In this article I would like to take a look into the topic of shoes for athletic purposes and even some everyday use. There is nothing like a good shoe, from comfort to utility there are many benefits for having a pair of good running shoes and I am going to break down some ideas and dig right into the ‘sole’ of this topic. There are a few factors that are important to keep in mind when shopping for a great shoe and depending on your style of exercise you will want to adjust your criteria for buying a pair of shoes on a case to case basis.
Ventilation – Let Your Feet Breath
One thing that most running shoe manufacturers are incorporating into their shoes now is ventilation. It is pretty obvious that running shoes need to be ventilated as runners will usually be sweaty and hot and your feet will feel much better with a shoe that is made of a type of thick mesh material that will allow superior airflow into it. Since most shoes will have some sort of ventilation you just need to decide what amount of airflow you want which could depend on your exercise routine.
For example, if you are training for track racing or just like sprinting a lot, then you will likely want your shoes to allow maximum airflow to keep your feet more cool. Otherwise, if you just want something comfortable and you just do light jogging or even just lift weight, you only need slight ventilation and might be able to save on cost in that aspect.
Pronation and Supination
Pronation and supination is something I only recently learned about but is important to integrate into your shopping when buying a pair of good running shoes. Pronation is the inward roll of the foot as someone is walking or running and is natural for most people. Supination is the outward roll of the foot as someone is walking or running and is also natural in some people.
Overpronation and underpronation can in fact cause injury depending on the severity of either one. In the case of underpronation, or supination, a person can become more susceptible to ankle injury like Achilles tendinitis, due to the fact that most of the body weight will be placed on the outer foot rather that the big toe thus putting much more unwanted pressure on the ankle.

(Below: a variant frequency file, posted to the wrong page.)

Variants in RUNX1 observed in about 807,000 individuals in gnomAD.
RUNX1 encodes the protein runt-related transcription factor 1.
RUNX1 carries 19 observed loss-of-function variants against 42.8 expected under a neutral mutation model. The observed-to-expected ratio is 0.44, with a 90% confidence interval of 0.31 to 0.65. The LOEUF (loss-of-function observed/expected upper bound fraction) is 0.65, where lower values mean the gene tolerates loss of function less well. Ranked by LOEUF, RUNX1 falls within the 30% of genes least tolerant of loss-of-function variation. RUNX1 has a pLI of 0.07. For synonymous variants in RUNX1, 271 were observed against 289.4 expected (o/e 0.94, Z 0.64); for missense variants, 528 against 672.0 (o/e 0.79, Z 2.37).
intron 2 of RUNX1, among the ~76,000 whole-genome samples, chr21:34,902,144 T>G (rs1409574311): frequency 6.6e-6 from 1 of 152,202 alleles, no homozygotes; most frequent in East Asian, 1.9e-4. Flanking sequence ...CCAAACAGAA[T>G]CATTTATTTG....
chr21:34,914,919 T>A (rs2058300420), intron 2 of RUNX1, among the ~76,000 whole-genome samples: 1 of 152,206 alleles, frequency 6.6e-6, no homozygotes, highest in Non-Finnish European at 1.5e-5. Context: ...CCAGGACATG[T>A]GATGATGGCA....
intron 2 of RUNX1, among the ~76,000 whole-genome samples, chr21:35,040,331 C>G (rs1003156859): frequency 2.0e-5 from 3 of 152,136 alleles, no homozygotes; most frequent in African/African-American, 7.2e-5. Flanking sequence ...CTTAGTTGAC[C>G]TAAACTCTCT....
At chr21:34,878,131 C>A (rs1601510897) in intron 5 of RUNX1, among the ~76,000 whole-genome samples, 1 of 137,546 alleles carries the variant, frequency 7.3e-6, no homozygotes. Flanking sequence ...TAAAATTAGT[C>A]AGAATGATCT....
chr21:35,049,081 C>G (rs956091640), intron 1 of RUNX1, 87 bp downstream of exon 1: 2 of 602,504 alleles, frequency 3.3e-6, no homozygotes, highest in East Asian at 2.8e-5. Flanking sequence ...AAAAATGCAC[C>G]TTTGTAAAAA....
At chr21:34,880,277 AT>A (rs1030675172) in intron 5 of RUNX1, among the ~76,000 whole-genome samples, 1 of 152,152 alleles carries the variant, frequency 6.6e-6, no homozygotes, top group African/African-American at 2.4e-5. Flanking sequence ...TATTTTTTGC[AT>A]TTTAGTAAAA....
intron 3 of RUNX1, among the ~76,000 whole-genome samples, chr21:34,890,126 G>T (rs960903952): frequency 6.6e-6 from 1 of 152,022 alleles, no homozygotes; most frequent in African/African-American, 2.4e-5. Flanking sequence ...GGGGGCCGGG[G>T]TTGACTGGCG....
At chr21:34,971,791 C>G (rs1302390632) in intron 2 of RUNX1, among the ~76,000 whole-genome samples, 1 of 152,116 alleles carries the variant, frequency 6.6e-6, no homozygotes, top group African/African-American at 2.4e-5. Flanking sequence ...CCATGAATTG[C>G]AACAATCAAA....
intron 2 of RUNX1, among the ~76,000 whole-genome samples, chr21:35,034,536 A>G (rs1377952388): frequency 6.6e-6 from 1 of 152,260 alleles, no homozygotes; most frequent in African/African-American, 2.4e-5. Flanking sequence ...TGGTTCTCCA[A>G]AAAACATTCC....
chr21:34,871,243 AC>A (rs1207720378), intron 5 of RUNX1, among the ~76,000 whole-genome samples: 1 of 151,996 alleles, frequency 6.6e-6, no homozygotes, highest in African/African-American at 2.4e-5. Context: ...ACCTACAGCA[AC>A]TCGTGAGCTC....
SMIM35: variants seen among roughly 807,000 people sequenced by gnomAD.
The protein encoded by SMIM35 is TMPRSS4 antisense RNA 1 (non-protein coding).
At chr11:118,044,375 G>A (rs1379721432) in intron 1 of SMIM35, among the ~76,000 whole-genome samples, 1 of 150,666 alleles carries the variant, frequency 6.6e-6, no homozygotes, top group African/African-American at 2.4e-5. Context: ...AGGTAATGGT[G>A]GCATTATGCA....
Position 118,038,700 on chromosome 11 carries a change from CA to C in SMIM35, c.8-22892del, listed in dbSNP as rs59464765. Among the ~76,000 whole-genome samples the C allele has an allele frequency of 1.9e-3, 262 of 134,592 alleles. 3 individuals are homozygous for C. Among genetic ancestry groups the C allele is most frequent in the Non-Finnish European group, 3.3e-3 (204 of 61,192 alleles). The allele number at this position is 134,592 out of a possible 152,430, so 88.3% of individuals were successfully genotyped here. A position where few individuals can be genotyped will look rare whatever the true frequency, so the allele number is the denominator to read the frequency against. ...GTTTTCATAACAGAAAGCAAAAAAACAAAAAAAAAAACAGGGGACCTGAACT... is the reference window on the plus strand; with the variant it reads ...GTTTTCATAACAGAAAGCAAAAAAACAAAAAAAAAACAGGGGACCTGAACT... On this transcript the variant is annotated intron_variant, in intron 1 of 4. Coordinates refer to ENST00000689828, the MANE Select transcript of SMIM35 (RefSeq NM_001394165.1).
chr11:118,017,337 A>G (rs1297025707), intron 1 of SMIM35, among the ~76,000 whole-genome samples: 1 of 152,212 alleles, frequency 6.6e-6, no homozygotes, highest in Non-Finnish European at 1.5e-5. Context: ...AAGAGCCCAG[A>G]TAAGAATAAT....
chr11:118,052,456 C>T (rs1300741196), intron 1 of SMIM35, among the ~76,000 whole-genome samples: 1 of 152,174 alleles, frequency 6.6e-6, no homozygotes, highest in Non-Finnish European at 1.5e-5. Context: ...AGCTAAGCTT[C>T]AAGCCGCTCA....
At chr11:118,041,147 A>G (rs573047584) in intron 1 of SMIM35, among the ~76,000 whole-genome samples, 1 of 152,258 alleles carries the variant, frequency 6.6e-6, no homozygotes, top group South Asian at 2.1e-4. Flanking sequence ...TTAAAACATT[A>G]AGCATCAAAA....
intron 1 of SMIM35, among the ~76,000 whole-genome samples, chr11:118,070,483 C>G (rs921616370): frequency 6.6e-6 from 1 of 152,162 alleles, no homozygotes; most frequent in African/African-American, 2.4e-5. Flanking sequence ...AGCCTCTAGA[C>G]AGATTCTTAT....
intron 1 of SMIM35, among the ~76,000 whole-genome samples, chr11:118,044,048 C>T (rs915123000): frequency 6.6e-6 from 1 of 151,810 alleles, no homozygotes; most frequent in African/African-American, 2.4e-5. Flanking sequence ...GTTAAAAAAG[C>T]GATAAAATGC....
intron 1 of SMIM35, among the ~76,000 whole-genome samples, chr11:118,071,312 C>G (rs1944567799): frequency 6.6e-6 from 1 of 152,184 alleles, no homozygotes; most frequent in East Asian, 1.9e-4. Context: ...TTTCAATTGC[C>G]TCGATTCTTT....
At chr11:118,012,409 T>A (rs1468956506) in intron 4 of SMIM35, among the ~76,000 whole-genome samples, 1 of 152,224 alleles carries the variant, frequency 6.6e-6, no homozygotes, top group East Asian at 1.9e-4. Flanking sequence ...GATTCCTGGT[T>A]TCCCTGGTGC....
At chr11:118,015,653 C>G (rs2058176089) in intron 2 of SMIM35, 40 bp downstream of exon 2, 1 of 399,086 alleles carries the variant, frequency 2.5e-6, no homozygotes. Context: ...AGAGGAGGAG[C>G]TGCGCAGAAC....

Simply analyze your foot motion while running and try to identify if your feet roll inward or outward and to what extent. If you do have some overpronation or underpronation you should look into shoes with more padding on the shoes bottoms among other criteria. Some shoe stores have running shoe experts who are sometimes trained in spotting over or underpronation but if you do have severe pain when running then you can also see a Podiatrist to prescribe and orthopedic sole or recommend a shoe that fits your situation.
Get Some Shoe Padding
A shoe with a well-made and thick padding will make a world of difference when running. Whether you run on a treadmill or outside in the real world will affect the amount of padding you require for your shoes. Running outdoors is much more dynamic and you can be presented with various obstacles. Maybe a dog runs in front of you and must jump or quickly run around it or there could be a large crack or hole in a sidewalk or road you are running on. The more cushion and flexibility you have in these situations can greatly help you avoid injury or save the intervening dog from injury. Running on a treadmill is much less eventful of course but you will need some padding nonetheless to keep comfortable and help you run for longer.